From The Constitution, March 20, 1861 (volume 24, number 1212)

Then and Now

Four years ago when James Buchanan became President of the United States there were twenty millions of dollars in the United States treasury.  When James Buchanan left office, there was not only not a dollar in the treasury, but the Government had not credit sufficient to borrow money even at twelve per cent!  During these four years there has been no war, no special demand for public expenditures, and the revenues have been greater than ever before.  Notwithstanding this, the public treasury has been exhausted and the credit of the Government destroyed.  Will the democracy tell us what has become of these twenty millions?  And will they tell us too whether democratic virtue can be trusted any more on the 1st of April 1861 than it could on the 4th of March 1857?

Fort Sumter

It was reported and confidently believed last week that government was about to issue an order for the withdrawal of the troops from Fort Sumter.  No such order has yet been issued, and on Monday it was thought quite as probable that the fort would be reinforced as that it would be evacuated.

Freedom in Russia

On the third of March twenty millions of serfs in Russia were expected to be liberated from slavery and cease to be “property.”  It is the settled policy of the Emperor [Alexander II] to overthrow serfdom in his dominions.  He has encountered violent opposition, but has steadily maintained his policy.  Russia is to be a free country.  If Alexander were to visit this country he would probably be set down as an abolitionist.  He is assuredly an abolitionist of the most magnificent kind at home.


For the last two years has been represented in Congress by four republican Representatives and by two republican Senators.  Her Congressional delegation has been a unit—Shall it continue to be so, or shall it be divided?  We believe it depends upon the voters of this Congressional district and upon the voters of this county to furnish an answer to this question.  What shall that answer be?  Will a single Republican fail to exert himself to the upmost to preserve a united delegation in Congress from Connecticut?

By His Excellency, William A. Buckingham, Governor of the State of Connecticut.  A Proclamation

Events which have recently transpired furnish evidence, that as a people we have not fulfilled our obligations to God, nor to our country; that allegiance to the authority of the general government is greatly weakened; and fears are entertained for the peace and prosperity of the nation, and for the stability of our institutions.

We are in danger of relying too much on the wisdom of man; of taking counsel of our fears; and of being robbed of that security which is to be found under a government with laws based upon divine statutes, properly administered.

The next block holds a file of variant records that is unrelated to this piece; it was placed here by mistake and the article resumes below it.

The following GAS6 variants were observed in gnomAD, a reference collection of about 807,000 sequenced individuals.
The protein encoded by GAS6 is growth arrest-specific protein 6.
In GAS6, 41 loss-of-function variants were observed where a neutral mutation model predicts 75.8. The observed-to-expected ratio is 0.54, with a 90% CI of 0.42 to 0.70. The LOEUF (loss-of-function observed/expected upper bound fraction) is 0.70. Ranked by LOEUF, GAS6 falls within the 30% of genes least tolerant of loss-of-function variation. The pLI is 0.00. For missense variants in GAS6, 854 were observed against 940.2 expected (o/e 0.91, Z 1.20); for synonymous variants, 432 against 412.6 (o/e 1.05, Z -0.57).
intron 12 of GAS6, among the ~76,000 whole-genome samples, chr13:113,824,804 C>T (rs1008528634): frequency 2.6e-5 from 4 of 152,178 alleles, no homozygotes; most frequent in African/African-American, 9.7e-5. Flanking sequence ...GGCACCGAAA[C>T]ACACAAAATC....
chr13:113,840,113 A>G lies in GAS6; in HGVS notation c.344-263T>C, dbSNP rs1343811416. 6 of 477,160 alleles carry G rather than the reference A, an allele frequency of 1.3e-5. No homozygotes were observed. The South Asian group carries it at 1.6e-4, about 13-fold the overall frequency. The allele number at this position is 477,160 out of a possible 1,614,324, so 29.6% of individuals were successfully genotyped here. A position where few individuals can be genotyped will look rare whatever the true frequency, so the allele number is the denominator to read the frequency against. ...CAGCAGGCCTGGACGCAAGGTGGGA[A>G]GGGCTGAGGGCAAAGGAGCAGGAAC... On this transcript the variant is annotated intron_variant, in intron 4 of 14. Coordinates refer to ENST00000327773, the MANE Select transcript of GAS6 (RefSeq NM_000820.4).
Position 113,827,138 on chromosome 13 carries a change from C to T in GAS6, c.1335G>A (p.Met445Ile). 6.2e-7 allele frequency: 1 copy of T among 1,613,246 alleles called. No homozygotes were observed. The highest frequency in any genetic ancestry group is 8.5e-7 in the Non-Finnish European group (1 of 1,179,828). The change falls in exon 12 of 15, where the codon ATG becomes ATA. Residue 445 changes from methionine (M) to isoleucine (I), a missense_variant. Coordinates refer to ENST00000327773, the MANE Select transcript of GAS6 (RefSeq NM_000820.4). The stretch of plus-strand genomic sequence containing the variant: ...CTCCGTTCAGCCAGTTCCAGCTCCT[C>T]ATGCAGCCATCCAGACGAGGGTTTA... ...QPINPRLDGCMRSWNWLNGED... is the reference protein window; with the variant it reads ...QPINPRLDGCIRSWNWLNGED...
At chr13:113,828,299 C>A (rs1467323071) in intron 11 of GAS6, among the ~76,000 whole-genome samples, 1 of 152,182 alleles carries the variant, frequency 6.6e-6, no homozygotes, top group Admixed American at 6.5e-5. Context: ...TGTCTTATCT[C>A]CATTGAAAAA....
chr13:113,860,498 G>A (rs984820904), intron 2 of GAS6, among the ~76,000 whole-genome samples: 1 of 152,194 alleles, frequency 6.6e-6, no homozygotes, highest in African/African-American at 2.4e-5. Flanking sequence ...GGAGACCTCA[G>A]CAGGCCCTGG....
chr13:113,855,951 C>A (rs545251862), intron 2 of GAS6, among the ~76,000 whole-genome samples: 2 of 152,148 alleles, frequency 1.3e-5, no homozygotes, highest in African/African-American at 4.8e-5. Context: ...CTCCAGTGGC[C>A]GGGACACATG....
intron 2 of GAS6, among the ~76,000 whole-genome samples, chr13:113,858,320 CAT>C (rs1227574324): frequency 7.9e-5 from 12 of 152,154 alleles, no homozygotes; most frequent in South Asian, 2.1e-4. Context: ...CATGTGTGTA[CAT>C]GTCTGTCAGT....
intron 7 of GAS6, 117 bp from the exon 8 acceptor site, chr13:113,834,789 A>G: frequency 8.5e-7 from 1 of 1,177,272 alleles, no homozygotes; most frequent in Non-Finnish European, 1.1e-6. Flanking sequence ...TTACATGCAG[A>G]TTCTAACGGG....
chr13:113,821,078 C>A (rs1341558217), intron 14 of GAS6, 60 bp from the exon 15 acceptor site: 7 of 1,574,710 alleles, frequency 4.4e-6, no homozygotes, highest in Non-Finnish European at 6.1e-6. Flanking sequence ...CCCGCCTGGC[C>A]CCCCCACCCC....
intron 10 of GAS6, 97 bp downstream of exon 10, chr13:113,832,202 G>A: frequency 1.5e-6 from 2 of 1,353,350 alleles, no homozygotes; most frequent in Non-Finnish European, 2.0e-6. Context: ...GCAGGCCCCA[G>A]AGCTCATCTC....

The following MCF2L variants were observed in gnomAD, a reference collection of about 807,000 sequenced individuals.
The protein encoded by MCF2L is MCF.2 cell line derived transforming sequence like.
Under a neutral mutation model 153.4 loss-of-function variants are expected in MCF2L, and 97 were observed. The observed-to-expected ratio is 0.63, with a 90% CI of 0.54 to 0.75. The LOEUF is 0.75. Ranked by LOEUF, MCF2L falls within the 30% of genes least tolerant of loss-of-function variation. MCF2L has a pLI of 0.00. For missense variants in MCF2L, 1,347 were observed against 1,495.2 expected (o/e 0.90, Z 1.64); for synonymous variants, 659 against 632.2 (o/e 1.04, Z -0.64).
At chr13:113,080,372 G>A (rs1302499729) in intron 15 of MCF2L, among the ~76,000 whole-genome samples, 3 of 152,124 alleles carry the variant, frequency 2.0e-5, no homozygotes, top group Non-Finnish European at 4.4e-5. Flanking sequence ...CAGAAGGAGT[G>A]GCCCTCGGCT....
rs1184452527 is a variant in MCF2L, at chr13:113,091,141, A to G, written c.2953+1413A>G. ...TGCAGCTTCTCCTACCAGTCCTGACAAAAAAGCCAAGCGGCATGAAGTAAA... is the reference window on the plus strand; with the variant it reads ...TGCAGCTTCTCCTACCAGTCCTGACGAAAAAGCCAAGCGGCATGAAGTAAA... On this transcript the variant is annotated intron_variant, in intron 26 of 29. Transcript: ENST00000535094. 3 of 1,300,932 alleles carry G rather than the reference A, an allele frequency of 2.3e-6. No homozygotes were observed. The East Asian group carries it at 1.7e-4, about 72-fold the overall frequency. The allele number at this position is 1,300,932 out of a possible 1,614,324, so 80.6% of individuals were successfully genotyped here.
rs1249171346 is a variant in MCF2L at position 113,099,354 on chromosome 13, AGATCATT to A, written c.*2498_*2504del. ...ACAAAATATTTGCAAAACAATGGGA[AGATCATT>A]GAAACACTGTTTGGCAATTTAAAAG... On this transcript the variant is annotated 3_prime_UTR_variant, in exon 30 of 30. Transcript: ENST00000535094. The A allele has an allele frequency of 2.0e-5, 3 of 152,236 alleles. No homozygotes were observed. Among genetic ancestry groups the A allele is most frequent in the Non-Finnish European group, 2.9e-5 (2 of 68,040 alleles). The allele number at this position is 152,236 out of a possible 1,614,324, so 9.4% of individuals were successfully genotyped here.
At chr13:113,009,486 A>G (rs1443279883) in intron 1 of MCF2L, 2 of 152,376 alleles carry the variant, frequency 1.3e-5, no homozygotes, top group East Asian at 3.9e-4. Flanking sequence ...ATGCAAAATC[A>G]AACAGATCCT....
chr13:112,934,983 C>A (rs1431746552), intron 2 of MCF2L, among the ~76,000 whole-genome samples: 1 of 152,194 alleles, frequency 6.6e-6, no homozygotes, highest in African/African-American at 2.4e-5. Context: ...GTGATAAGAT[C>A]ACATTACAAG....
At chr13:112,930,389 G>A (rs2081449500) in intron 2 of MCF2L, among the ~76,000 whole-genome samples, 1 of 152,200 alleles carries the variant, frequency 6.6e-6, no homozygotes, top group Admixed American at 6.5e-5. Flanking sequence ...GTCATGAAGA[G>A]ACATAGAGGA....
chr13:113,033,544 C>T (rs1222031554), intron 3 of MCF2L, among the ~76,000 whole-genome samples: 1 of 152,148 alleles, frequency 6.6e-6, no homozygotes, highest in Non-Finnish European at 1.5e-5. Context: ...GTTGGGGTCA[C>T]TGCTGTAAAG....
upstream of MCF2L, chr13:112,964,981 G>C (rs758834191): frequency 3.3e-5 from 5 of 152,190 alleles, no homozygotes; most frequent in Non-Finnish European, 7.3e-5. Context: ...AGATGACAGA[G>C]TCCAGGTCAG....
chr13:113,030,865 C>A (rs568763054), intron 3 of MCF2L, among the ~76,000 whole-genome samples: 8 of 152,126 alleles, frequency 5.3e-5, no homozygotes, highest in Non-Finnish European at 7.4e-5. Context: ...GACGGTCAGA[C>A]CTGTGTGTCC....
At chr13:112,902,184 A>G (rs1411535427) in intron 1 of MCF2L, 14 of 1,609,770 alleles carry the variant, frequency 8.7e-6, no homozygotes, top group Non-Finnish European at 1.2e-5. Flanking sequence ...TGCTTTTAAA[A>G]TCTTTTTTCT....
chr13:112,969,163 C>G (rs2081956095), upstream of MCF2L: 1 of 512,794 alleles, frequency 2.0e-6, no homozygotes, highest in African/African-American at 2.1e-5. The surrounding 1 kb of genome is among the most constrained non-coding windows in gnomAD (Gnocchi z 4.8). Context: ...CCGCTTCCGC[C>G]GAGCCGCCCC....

That such damages may be averted, I recommend the citizens of this commonwealth to look unto the God of Israel for help; and especially that on FRIDAY, the 29th instant, they seek him in public and in private, by Fasting, Humiliation, and Prayer; and commend the interests of our beloved State and country to His protecting care.

Also: that they supplicate Him to bestow upon us temporal good and spiritual blessings, limited only by our necessities and His glory; that the President of the United States may have wisdom from above to direct him in the discharge of his responsible duties, and be sustained by a people loyal to the government; that He will save us from further strife and contention; from revolution and civil war; that a fraternal spirit may pervade all parts of our land, binding us together in a common brotherhood; that our national union may be preserved, and the blessings of a free government be perpetuated.

Given under my hand and the seal of the State, at the City of Norwich, this, the sixth day of March, in the year of our Lord one thousand and eight hundred and sixty-one, and of the Independence of the United States the eighty-fifth.

William A. Buckingham.

Death of Joseph Tobey

On Wednesday afternoon last, Joseph Tobey, Esq., died suddenly from apoplexy while sitting in his chair at his home in Broad street.  He had been unwell for some time past, and had already had two attacks of apoplexy before this.  He was well enough however to be about, and had been down street the afternoon that he died.  Mr. Tobey was an old merchant in Middletown, and was probably as well known in the region about here as any other man.  He gave up his business here about three years ago—His age was 59.

Snow Storm

The most severe snow storm of the season visited us on Friday night, accompanied by high winds.  On Thursday about two inches of snow fell.  But on Friday night the weather settled down into a regular north-easter.  About a foot of snow fell, and the sleighing was good the next day.—Sunday night was very cold.  Temperature by the thermometer 9 degrees.

This Tuesday morning it snows again, with the wind northeast, and very cold.

The Boats

On account of the storm last week the City of Hartford had to put into Cow Bay on Thursday night, and did not get here till Friday afternoon.  She went to New York on Saturday afternoon.  The Granite came down yesterday.  There was no boat up.

Miscellaneous – Mrs. Douglas in a Fix!

A newspaper contemporary says that the beautiful and accomplished wife of Judge Douglas [Stephen A. Douglas, just defeated by Abraham Lincoln for the Presidency] made a wager of $100, prior to the late election, that she would sleep with the next President of the United States!  She has either got to fork over, or have a most homely and uncouth bed-fellow.  We think the Judge will prefer to advance the money and pay the wager.